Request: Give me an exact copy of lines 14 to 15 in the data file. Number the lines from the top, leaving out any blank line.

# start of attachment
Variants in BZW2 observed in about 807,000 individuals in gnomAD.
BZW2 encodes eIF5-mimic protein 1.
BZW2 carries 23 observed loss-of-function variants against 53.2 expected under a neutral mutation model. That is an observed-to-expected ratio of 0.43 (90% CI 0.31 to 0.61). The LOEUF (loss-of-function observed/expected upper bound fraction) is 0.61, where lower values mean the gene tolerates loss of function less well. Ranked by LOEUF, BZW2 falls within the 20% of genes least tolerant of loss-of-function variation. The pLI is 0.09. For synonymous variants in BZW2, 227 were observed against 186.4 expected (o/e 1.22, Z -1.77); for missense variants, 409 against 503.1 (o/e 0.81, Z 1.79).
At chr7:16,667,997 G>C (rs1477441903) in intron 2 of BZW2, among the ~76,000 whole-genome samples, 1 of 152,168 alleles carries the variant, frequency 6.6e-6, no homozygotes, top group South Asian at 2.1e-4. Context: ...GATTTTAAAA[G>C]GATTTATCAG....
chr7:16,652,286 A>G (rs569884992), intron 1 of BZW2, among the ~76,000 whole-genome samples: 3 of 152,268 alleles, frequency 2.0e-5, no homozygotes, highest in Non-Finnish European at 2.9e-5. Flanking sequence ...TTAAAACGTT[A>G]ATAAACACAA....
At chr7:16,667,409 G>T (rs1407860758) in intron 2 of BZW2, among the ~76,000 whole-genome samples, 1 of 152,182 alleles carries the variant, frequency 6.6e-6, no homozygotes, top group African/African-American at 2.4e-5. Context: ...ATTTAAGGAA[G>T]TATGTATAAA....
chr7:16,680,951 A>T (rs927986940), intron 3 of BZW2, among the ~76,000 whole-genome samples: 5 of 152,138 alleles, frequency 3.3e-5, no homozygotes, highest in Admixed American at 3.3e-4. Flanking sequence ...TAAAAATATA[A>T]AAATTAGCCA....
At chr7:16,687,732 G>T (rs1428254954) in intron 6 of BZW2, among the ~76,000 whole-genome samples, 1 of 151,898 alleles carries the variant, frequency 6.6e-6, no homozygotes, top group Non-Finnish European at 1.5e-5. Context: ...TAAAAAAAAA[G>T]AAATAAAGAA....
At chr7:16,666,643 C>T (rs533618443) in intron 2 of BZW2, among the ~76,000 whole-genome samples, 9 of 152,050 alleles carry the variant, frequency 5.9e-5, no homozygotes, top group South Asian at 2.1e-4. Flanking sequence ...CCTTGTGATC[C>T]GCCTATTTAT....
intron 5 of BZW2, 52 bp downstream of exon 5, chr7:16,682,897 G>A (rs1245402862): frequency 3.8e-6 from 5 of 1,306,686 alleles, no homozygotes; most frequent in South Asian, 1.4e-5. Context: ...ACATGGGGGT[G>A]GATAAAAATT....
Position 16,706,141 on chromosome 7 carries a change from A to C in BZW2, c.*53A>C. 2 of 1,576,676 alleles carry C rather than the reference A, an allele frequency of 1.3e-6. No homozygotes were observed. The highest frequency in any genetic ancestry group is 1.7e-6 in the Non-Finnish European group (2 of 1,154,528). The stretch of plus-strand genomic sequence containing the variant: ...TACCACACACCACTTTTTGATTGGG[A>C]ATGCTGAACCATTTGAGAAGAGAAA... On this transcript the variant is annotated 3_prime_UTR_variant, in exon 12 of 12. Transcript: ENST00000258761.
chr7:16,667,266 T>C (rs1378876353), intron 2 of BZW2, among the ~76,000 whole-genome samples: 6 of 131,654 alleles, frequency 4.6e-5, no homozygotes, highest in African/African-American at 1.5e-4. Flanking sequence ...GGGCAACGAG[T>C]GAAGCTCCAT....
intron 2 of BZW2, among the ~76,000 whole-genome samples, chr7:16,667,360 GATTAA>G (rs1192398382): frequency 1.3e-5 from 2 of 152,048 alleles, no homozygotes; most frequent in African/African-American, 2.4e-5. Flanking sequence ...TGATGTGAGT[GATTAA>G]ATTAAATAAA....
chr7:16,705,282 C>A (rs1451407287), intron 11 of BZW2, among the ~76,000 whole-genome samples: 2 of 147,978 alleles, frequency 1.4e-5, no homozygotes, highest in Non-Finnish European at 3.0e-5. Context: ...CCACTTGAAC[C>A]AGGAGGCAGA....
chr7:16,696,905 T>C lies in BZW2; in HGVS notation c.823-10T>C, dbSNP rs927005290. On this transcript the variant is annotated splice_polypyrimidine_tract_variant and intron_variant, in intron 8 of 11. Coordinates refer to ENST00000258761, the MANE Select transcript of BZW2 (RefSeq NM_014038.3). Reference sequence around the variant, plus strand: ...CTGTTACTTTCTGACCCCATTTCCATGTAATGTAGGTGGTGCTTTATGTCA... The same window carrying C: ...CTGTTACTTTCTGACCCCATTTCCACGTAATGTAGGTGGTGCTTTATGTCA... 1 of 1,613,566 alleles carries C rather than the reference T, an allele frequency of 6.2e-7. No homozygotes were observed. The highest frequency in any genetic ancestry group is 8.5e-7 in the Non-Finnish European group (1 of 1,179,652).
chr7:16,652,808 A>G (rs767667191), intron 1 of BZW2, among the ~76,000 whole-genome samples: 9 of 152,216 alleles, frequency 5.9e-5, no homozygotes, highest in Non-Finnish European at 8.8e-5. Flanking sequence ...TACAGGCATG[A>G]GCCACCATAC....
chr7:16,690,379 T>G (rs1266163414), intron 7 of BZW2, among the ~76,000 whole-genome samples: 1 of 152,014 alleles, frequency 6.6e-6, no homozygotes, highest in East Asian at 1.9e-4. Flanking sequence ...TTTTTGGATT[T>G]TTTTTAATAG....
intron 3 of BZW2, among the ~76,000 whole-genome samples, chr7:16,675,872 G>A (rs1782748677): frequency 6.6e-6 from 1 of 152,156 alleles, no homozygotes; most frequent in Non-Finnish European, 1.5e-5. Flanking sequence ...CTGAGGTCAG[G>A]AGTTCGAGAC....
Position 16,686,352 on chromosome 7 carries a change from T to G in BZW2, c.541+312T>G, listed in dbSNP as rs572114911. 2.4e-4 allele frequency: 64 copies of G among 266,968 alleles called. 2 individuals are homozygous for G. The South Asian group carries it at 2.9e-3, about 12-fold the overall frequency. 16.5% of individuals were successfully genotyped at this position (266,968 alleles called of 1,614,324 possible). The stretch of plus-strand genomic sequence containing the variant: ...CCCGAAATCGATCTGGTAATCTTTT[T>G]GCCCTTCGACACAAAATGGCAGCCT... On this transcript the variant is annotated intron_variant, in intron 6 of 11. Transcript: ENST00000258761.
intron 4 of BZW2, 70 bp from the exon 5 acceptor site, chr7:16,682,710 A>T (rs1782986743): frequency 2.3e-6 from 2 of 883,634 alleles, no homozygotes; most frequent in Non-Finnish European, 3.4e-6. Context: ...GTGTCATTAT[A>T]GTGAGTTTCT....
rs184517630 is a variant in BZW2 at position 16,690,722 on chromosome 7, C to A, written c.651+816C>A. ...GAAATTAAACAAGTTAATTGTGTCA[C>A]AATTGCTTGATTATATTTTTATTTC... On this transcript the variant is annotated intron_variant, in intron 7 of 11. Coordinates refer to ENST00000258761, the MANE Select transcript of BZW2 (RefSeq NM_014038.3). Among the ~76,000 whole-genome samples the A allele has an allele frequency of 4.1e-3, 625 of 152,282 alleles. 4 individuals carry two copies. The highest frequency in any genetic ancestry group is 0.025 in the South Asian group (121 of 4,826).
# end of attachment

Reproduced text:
chr7:16,705,282 C>A (rs1451407287), intron 11 of BZW2, among the ~76,000 whole-genome samples: 2 of 147,978 alleles, frequency 1.4e-5, no homozygotes, highest in Non-Finnish European at 3.0e-5. Context: ...CCACTTGAAC[C>A]AGGAGGCAGA....
chr7:16,696,905 T>C lies in BZW2; in HGVS notation c.823-10T>C, dbSNP rs927005290. On this transcript the variant is annotated splice_polypyrimidine_tract_variant and intron_variant, in intron 8 of 11. Coordinates refer to ENST00000258761, the MANE Select transcript of BZW2 (RefSeq NM_014038.3). Reference sequence around the variant, plus strand: ...CTGTTACTTTCTGACCCCATTTCCATGTAATGTAGGTGGTGCTTTATGTCA... The same window carrying C: ...CTGTTACTTTCTGACCCCATTTCCACGTAATGTAGGTGGTGCTTTATGTCA... 1 of 1,613,566 alleles carries C rather than the reference T, an allele frequency of 6.2e-7. No homozygotes were observed. The highest frequency in any genetic ancestry group is 8.5e-7 in the Non-Finnish European group (1 of 1,179,652).